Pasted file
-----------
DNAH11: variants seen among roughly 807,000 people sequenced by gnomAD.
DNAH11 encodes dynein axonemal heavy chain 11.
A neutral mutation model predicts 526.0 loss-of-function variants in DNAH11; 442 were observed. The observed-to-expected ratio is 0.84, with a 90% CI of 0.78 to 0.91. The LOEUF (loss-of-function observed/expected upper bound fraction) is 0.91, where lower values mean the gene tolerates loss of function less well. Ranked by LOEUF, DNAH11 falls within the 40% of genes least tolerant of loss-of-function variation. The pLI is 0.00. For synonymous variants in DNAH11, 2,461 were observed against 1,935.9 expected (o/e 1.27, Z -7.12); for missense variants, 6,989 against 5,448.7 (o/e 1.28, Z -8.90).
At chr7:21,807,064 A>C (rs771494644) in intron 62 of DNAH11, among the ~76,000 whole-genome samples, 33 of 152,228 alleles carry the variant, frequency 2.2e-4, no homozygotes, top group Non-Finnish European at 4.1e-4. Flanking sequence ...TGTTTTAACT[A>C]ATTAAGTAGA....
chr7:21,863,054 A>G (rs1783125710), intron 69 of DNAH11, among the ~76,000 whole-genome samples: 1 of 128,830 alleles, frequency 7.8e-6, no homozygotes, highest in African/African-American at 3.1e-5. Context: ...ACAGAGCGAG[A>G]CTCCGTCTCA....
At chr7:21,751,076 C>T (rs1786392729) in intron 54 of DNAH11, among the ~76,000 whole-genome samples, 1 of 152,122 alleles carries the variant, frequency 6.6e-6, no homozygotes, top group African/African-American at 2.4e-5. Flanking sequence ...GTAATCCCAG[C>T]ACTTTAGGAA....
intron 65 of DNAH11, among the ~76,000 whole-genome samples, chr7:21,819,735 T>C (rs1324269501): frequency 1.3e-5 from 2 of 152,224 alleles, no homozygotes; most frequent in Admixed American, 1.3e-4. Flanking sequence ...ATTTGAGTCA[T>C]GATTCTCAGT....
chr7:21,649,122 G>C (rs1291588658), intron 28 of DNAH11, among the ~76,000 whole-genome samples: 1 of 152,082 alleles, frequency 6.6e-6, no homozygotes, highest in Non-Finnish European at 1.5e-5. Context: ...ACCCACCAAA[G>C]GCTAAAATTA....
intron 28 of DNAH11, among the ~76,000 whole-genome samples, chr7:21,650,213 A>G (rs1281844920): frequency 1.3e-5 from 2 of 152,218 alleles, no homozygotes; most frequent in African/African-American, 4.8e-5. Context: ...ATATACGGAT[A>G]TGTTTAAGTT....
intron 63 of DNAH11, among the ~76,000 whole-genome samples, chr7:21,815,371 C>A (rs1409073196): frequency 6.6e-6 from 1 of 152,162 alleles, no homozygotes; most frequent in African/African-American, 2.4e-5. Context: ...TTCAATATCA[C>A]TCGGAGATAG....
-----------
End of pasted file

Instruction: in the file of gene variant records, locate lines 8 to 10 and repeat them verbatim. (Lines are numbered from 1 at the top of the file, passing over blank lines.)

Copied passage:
chr7:21,649,122 G>C (rs1291588658), intron 28 of DNAH11, among the ~76,000 whole-genome samples: 1 of 152,082 alleles, frequency 6.6e-6, no homozygotes, highest in Non-Finnish European at 1.5e-5. Context: ...ACCCACCAAA[G>C]GCTAAAATTA....
intron 28 of DNAH11, among the ~76,000 whole-genome samples, chr7:21,650,213 A>G (rs1281844920): frequency 1.3e-5 from 2 of 152,218 alleles, no homozygotes; most frequent in African/African-American, 4.8e-5. Context: ...ATATACGGAT[A>G]TGTTTAAGTT....
intron 63 of DNAH11, among the ~76,000 whole-genome samples, chr7:21,815,371 C>A (rs1409073196): frequency 6.6e-6 from 1 of 152,162 alleles, no homozygotes; most frequent in African/African-American, 2.4e-5. Context: ...TTCAATATCA[C>A]TCGGAGATAG....